Tech giant Google yesterday introduced a series of tools that it hopes will become staples of classroom learning and interactive experiences. Announced at the International Society for Technology in Education 2016 Conference and Expo in Denver, the four tools for schools are: Google Cast for Education; Quizzes within Google Forms; creative apps on Google Chromebook; and the new Expeditions app.
While Google Cast for Education and Quizzes within Google Forms are free, the creative apps and the gear needed to run Expeditions are not. The latter product is likely to get the lion’s share of attention. Students can use Expeditions to go on virtual field trips with the help of Google’s Cardboard augmented reality goggles. Expeditions includes a set of 360-degree, 3D images of more than 200 locations throughout the world.
Teachers can use Expeditions to guide their students around each location with descriptions, talking points and questions. The app can be downloaded from the Google Play Store and will soon make its way to Apple devices. Expedition can be used by students with the Google Cardboard app on their smartphones or 2D screen mode on their tablets.
Schools can buy Expeditions kits from Best Buy Education. Each kits includes 30 student devices and viewers, a teacher device, chargers and a router. The bundle price for the kit from Best Buy is $9,999. The kits are ready for pre-orders and will be shipped by the time school starts in the fall.
Is it worth it? Alexis Macklin, an analyst at Greenlight VR, told us the answer is yes. "Researchers have proven that people exposed to VR have developed longer-lasting memories as they feel like they experienced the content first-hand," said Macklin. "Therefore, for educators, bringing virtual reality to students could have a longer-lasting effect on their learning process than watching a standard 2D video."
In a recent VR (virtual reality) adoption report, Greenlight VR found that full-time students are more interested in exploring both education and travel in virtual reality content than the general population, Macklin said.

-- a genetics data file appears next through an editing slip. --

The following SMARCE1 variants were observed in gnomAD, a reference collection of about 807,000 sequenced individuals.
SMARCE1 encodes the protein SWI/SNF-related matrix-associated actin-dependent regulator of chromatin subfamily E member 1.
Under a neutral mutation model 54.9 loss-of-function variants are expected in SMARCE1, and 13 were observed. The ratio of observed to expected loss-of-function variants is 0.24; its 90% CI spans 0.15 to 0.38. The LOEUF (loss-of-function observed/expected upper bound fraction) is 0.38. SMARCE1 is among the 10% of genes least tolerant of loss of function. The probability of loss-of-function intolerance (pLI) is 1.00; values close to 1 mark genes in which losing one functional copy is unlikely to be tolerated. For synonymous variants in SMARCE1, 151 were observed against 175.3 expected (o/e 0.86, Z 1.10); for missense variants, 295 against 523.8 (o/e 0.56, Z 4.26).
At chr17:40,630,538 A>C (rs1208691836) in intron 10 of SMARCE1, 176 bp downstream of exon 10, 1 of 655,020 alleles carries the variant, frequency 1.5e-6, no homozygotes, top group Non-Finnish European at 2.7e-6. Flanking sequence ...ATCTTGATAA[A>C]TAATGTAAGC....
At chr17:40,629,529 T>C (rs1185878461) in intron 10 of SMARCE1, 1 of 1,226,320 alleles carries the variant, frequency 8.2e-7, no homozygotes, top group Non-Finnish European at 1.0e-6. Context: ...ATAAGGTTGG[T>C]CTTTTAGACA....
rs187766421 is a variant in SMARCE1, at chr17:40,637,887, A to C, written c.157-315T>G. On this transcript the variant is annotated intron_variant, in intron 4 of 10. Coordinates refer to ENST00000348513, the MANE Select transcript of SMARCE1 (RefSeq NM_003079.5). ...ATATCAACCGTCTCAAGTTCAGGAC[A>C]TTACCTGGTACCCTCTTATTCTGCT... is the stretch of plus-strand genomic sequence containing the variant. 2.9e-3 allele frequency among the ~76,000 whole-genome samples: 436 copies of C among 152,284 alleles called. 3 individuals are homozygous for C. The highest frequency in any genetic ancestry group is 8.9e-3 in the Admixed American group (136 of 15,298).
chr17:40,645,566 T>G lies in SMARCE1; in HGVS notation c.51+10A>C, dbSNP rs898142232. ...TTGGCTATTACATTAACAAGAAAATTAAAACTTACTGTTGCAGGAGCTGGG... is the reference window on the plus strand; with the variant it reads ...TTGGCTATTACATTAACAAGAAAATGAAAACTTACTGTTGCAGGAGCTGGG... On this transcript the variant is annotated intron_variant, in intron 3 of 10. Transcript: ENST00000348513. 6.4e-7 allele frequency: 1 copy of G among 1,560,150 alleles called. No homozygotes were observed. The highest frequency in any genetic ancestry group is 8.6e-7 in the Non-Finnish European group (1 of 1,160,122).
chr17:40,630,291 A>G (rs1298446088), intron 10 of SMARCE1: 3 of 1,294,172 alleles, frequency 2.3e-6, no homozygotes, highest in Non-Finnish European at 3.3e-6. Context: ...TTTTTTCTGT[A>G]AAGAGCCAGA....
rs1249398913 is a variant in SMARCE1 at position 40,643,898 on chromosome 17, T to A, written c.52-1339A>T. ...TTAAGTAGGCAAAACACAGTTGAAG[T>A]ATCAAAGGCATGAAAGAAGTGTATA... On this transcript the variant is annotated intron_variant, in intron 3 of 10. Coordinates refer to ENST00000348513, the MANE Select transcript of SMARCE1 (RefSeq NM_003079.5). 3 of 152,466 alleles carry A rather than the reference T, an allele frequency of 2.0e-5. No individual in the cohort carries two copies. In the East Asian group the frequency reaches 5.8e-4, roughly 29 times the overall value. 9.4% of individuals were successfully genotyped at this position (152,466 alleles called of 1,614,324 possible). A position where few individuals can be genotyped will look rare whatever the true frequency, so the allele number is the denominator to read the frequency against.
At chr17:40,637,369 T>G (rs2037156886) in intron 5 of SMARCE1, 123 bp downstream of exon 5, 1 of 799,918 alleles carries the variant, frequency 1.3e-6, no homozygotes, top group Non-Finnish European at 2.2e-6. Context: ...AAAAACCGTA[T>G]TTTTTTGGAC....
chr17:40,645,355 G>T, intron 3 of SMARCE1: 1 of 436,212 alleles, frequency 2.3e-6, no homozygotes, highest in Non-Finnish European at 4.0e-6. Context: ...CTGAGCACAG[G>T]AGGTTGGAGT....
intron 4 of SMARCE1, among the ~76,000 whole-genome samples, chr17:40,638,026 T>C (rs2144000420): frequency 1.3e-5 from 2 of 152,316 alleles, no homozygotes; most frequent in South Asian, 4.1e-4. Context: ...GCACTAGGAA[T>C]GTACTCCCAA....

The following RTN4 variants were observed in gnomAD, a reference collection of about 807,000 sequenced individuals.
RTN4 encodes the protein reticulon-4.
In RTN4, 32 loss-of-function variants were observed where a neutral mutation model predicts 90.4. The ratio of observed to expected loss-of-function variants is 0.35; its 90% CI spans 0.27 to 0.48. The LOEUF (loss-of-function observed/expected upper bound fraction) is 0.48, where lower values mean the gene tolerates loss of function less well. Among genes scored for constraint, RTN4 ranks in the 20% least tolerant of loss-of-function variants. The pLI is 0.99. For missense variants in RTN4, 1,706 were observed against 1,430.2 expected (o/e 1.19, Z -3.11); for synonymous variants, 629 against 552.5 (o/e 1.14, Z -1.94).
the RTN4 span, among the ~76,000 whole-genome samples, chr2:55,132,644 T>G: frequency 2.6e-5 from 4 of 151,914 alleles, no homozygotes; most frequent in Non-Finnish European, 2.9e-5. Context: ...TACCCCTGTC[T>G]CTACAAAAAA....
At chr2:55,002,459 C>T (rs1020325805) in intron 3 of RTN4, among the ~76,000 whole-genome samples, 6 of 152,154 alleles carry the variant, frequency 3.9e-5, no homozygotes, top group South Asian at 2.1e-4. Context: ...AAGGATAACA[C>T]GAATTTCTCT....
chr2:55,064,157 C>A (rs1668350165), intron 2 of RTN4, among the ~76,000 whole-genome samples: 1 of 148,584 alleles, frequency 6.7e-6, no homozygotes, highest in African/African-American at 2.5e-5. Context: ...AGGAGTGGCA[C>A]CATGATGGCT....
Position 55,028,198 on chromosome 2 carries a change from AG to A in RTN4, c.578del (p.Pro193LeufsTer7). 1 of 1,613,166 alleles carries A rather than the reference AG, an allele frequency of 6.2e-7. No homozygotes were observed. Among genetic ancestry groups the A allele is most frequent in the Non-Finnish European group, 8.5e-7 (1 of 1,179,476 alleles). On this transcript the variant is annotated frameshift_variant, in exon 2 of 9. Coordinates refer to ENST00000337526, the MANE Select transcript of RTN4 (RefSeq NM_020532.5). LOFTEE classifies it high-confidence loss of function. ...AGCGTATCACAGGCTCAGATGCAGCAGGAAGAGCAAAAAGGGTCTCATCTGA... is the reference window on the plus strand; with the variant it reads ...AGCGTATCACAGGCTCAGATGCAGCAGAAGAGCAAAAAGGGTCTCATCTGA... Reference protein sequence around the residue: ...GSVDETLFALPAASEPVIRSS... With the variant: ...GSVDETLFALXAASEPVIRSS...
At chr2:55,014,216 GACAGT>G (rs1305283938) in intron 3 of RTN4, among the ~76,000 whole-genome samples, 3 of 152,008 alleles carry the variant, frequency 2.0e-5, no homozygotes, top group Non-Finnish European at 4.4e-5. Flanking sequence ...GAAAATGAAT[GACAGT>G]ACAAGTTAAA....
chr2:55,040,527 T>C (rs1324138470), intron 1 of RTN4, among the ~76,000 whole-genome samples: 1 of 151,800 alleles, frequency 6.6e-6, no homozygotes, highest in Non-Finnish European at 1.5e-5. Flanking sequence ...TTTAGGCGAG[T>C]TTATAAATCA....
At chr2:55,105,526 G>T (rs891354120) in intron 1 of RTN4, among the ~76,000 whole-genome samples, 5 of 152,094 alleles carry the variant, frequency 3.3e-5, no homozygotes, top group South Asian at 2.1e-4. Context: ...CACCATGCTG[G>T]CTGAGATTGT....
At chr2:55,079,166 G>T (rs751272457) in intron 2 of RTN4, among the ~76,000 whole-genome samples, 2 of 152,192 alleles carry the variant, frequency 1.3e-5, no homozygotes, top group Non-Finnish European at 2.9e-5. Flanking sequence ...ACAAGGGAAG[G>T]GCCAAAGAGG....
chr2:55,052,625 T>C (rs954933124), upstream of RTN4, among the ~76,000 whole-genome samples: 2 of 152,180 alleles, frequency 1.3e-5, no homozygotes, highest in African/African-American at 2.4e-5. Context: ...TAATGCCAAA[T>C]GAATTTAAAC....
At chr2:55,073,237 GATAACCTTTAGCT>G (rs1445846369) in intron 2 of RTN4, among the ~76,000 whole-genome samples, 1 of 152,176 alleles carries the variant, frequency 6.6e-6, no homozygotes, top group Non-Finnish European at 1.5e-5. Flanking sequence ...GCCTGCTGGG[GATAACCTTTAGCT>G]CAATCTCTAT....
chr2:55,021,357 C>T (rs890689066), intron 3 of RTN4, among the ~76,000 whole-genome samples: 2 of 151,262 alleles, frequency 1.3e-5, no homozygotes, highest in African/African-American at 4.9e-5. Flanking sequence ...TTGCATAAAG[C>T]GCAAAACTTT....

"We think bringing this kind of experience into classrooms for free could have a large impact on the long-term interest in VR platforms, particularly as many segments of the general population will not otherwise have the means to experience high-quality virtual reality otherwise," she said.
Other New Tools
The Google Cast app can help students and teachers share their screens wirelessly from anywhere in the classroom when a teacher turns his computer into a Cast destination. Google Cast doesn’t require the installation of new hardware since it runs on the teacher's existing computer. The app is free and available for download to Windows, Mac, and Chrome OS devices.
Using Quizzes in Google Forms, teachers can integrate quizzes into the forms that appear on student devices. Checkbox questions in the quizzes can now be graded automatically, and teachers can provide feedback in the forms as well as send students supplemental links to review materials. Teachers will also get student progress reports that can indicate which lectures need more explanation.
Finally, Google announced a collection of creative apps that can be purchased as a bundle. The company teamed up with EdTechTeacher on Soundtrap, WeVideo and ExplainEverything, programs that Google said help students nurture their skills and creativity. The apps are available at discounts but are subject to annual subscription fees.